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A former Assistant Secretary with the Ministry of Women and Child Development in West Bengal for three months, Lakshmi Bhavya has been championing the cause of menstrual hygiene in her district. By associating herself with the Lalana Campaign, a holistic menstrual hygiene awareness campaign which is conducted by the Anahat NGO, Lakshmi has been slowly breaking taboos when it comes to periods and menstrual hygiene.

A Gender Rights Activist working with the tribal and marginalized communities in india, Srilekha is a PhD scholar working on understanding body and sexuality among tribal girls, to fill the gaps in research around indigenous women and their stories. Srilekha has worked extensively at the grassroots level with community based organisations, through several advocacy initiatives around Gender, Mental Health, Menstrual Hygiene and Sexual and Reproductive Health Rights (SRHR) for the indigenous in Jharkhand, over the last 6 years.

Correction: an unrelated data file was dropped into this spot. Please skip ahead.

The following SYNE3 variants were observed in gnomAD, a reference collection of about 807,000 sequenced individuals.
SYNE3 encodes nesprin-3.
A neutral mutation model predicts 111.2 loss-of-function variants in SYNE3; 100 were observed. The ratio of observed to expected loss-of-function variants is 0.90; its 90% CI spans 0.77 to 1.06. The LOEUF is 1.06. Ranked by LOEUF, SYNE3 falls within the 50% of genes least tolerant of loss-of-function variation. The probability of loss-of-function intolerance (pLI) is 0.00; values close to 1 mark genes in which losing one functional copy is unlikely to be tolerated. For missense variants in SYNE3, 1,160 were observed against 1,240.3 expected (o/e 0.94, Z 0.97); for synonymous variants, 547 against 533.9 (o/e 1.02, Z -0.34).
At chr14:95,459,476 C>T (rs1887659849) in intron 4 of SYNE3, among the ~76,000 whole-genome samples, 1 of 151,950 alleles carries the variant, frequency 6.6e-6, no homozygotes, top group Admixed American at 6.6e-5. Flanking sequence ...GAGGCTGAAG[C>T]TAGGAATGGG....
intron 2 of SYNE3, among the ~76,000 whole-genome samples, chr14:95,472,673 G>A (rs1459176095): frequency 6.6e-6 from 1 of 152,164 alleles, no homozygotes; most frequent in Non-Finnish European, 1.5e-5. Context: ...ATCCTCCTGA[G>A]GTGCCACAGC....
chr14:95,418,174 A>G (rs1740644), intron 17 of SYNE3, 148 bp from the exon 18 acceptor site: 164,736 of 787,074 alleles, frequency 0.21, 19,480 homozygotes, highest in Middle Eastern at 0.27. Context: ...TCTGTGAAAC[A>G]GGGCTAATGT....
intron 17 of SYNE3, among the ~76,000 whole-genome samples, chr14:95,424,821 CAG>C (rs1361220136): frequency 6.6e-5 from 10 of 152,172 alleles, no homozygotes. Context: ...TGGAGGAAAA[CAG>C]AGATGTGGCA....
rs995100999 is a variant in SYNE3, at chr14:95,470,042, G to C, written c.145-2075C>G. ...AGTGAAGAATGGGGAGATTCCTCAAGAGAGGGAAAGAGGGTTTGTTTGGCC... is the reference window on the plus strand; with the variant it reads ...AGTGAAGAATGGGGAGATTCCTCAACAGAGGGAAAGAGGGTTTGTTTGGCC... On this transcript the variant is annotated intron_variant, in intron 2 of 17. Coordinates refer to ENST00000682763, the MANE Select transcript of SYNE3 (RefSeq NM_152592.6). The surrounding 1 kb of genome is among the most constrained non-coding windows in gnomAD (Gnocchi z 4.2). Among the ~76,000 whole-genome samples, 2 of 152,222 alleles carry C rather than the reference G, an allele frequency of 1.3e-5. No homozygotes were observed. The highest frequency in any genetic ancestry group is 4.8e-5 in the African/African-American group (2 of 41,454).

Srilekha has also contributed to sustainable livelihood projects and legal aid programs for survivors of sex trafficking. She has been conducting research based programs on maternal health, mental health, gender based violence, sex and sexuality. Her interest lies in conducting workshops for young people on life skills, feminism, gender and sexuality, trauma, resilience and interpersonal relationships.

A Guwahati-based college student pursuing her Masters in Tata Institute of Social Sciences, Bidisha started the #BleedwithDignity campaign on the technology platform, demanding that the Government of Assam install
biodegradable sanitary pad vending machines in all government schools across the state. Her petition on has already gathered support from over 90000 people and continues to grow.

Bidisha was selected in’s flagship program ‘She Creates Change’ having run successful online advocacy
campaigns, which were widely recognised. Through the #BleedwithDignity campaign; she organised and celebrated World Menstrual Hygiene Day, 2019 in Guwahati, Assam by hosting a wall mural by collaborating with local organisations. The initiative was widely covered by national and local media, and the mural was later inaugurated by the event’s chief guest Commissioner of Guwahati Municipal Corporation (GMC) Debeswar Malakar, IAS.